This was the first time my body was searched for weapons at a museum entrance, so I could empathize with the confused 14-year-old in our group.
“My son lives in the suburbs, sir,” my cousin said, explaining why the teenager flinched backward when the doorman tried to pat him down. “He’s never been frisked before.”
One of my sisters was in town over the weekend and I reluctantly agreed to play tourist in my own neighborhood by accompanying the family to the Trap Music Museum. Almost every day I ride my bicycle past the museum and escape room in northwest Atlanta, and I usually snicker at the dozens, often hundreds, of people lined up to get a peek into hood life.
I had low expectations for what seemed like a marketing hustle, but figured it was worth the $10 entry fee to be photographed in a scene that I witnessed countless times in my childhood: a table littered with weed, ashtrays, 40-ounce bottles of malt liquor and a brick of cocaine. My cousin may be raising her children outside city limits, but we grew up together in the same Chicago neighborhood and so she knew how to get the most authentic picture of her pretending to cook crack.
The Trap Music Museum was the giant, immersive photo booth its social media suggests, but it was also a remarkable cultural representation and a poignant, credible house of art. Its paintings, mixed-media pieces and the fidelity to detail in its themed rooms offer due homage to the lived experience of local artists who have shaped the “ATL” brand more than the Olympics or Peachtree Street.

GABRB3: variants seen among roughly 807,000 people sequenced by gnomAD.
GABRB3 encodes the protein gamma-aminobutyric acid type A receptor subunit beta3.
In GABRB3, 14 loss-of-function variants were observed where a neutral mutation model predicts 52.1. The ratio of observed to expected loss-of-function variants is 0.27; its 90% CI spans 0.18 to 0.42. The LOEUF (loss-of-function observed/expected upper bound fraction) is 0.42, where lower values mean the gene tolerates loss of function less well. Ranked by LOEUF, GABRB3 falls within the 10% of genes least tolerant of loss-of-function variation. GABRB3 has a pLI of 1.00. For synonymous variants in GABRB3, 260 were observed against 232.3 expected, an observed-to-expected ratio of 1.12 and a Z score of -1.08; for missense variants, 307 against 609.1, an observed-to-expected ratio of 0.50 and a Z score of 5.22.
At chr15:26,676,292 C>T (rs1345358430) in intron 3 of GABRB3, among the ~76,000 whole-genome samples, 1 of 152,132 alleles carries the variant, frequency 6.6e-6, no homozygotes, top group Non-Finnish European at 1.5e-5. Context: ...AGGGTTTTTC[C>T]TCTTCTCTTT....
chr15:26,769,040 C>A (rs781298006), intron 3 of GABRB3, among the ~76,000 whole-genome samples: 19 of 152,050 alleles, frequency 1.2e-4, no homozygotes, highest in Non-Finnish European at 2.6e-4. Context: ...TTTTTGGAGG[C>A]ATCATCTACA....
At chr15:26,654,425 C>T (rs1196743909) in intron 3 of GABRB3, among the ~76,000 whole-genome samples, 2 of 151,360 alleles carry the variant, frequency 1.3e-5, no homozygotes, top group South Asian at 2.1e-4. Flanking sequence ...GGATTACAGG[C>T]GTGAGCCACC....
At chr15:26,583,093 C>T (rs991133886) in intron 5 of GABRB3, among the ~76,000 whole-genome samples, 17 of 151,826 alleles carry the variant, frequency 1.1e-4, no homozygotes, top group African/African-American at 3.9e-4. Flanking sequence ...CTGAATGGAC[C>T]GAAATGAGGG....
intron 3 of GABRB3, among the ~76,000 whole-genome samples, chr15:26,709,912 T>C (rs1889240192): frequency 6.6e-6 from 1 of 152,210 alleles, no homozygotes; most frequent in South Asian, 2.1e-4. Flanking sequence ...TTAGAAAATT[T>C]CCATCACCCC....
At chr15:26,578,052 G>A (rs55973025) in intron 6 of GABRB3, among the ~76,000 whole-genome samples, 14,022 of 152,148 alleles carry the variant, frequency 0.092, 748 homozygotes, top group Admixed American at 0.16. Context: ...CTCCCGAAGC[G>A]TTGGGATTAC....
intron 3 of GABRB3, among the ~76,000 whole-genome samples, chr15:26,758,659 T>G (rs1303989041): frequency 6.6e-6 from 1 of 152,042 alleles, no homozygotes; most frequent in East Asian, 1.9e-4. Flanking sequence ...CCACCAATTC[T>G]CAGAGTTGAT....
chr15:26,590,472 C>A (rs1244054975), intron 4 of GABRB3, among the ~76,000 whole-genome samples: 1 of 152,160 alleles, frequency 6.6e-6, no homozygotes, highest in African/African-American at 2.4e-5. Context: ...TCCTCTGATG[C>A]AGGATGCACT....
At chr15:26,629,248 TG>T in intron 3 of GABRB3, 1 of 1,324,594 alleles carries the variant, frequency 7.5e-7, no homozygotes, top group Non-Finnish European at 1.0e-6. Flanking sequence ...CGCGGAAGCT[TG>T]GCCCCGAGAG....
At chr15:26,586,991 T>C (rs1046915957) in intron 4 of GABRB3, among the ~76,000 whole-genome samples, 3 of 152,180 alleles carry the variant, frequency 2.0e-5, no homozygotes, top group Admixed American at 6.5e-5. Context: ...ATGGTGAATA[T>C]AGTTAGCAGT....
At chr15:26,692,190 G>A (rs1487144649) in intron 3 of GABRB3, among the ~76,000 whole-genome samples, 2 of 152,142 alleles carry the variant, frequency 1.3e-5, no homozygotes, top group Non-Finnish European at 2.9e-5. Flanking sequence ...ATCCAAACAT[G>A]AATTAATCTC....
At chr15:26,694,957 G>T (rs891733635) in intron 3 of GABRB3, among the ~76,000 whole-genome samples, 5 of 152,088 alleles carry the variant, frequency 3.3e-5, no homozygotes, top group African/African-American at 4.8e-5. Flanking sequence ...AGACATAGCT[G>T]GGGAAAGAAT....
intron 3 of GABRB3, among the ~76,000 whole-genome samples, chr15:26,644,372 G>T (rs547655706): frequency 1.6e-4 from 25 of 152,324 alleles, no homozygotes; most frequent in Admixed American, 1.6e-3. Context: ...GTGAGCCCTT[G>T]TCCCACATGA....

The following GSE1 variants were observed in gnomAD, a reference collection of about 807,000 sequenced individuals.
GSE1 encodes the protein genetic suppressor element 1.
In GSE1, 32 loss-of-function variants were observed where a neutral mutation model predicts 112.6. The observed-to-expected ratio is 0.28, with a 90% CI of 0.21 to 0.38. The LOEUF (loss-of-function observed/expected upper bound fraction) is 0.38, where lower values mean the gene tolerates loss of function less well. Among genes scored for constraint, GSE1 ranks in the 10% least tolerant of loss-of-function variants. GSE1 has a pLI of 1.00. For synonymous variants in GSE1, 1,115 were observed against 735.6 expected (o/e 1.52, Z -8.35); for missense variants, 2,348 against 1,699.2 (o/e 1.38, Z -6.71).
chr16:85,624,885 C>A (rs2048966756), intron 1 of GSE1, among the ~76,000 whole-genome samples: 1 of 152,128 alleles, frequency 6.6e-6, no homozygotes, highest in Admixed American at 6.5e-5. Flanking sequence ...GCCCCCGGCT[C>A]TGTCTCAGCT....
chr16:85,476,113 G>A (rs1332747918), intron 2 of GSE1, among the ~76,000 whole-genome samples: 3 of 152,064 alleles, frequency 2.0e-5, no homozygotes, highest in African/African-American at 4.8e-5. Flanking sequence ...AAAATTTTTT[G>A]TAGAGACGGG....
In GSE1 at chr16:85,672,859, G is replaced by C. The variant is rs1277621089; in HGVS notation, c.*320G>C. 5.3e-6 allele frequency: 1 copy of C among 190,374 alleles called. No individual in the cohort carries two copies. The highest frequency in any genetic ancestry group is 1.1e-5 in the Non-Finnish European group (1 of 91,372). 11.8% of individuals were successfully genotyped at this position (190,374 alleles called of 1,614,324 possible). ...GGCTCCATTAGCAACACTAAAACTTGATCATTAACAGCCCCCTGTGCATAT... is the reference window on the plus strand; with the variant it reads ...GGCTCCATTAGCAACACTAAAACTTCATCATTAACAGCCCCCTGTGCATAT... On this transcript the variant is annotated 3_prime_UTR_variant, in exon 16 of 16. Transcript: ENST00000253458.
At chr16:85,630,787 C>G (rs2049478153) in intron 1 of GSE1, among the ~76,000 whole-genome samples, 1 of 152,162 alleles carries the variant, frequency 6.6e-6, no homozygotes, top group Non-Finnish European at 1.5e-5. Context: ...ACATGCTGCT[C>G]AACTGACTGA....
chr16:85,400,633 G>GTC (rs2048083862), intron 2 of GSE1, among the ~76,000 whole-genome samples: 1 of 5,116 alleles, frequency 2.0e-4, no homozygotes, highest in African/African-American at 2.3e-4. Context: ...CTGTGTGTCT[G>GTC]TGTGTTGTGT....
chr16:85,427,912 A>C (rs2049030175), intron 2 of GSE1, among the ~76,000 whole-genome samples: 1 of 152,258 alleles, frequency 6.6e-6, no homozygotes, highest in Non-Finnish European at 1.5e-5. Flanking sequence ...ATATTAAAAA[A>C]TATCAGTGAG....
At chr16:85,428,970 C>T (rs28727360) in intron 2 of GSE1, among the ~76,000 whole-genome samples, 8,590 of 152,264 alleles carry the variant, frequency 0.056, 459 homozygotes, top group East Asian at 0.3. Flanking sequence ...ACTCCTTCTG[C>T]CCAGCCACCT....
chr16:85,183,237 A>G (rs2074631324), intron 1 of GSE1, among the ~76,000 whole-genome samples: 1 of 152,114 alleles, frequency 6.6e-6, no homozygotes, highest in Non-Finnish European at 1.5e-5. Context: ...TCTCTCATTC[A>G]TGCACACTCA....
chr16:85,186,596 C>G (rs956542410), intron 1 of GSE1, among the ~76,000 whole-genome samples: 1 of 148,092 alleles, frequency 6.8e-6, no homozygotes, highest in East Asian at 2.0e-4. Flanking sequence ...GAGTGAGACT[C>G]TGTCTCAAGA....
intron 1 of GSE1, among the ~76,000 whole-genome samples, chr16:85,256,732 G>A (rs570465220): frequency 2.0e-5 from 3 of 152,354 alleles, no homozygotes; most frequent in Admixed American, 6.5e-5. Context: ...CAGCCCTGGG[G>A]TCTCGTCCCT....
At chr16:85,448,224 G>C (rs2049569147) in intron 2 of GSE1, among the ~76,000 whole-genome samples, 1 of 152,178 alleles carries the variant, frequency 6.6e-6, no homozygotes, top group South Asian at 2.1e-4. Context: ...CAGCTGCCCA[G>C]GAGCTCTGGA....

Such a faithful depiction of a familiar-yet-foreign reality can be seen as glorifying crime or self-destructive patterns, but signs throughout the museum remind visitors the installations seek to inform and celebrate what can grow and thrive from the most systemically tainted soil. Several pieces examine prison-as-a-rite-of-passage for the musicians and their less-prominent peers, and how “trapping” can be the sole lifeline out of economically hopeless upbringings and destinies.
As I walked through a room whose walls were constructed of kilos of blow, I wondered what guests would encounter at the gay equivalent of a trap house museum. The artistic treatment of seedier corners of our culture would include bookstores, trail bushes, and bathhouses; along with circuit parties, sugar daddies, stunt queens and enough recreational drugs to open a pharmacological theme park.
Many LGBTQ folks would be mortified if these expressions of gay life were curated, feeling a minority’s impulse to air only the finest elements of its culture as a strategy for securing mainstream acceptance. Respectable queers have wrung their hands over the shoplifting scenes in “Pose” and deflected attention from Harvey Milk’s sluttiness, and could not imagine audiences contemplating the spirit of charity that inhabits a glory hole.
As similar as daily LGBTQ life may be to what heterosexuals experience, there are aspects of our history and development that will forever keep many of us from identifying as or being considered normal.
Those unique influences have sometimes led to downward spirals and even death, but they’ve more often helped people find joy and a clearer, tested understanding of themselves in a society that first marginalizes, then shames them for being different. But I feel no embarrassment admitting that most of the frisking at a gay trap museum would occur after patrons have entered the building.